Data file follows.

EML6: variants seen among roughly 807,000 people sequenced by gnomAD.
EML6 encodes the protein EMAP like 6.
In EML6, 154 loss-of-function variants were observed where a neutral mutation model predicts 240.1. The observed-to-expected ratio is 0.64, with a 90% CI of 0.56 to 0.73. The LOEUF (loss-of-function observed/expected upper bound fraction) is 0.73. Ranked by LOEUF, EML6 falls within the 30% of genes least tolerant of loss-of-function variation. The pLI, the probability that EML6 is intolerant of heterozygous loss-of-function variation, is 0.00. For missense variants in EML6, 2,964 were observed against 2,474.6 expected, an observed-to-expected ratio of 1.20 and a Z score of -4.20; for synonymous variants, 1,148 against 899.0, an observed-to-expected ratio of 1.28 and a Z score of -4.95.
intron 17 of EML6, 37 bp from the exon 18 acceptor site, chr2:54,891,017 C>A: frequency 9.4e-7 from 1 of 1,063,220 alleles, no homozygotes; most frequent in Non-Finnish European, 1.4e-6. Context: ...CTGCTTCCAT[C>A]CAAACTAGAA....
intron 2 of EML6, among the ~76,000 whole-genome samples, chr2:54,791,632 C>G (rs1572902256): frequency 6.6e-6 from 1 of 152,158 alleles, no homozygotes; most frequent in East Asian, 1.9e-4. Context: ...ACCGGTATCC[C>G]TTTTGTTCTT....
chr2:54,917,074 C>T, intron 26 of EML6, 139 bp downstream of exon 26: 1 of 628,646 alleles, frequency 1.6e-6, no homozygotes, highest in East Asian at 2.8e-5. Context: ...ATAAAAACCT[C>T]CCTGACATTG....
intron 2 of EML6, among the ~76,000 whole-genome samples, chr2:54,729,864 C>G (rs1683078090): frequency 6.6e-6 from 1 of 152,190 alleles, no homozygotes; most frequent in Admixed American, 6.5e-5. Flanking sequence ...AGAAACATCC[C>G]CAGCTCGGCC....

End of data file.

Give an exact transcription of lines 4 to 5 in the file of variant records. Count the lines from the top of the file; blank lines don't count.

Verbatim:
intron 17 of EML6, 37 bp from the exon 18 acceptor site, chr2:54,891,017 C>A: frequency 9.4e-7 from 1 of 1,063,220 alleles, no homozygotes; most frequent in Non-Finnish European, 1.4e-6. Context: ...CTGCTTCCAT[C>A]CAAACTAGAA....
intron 2 of EML6, among the ~76,000 whole-genome samples, chr2:54,791,632 C>G (rs1572902256): frequency 6.6e-6 from 1 of 152,158 alleles, no homozygotes; most frequent in East Asian, 1.9e-4. Context: ...ACCGGTATCC[C>G]TTTTGTTCTT....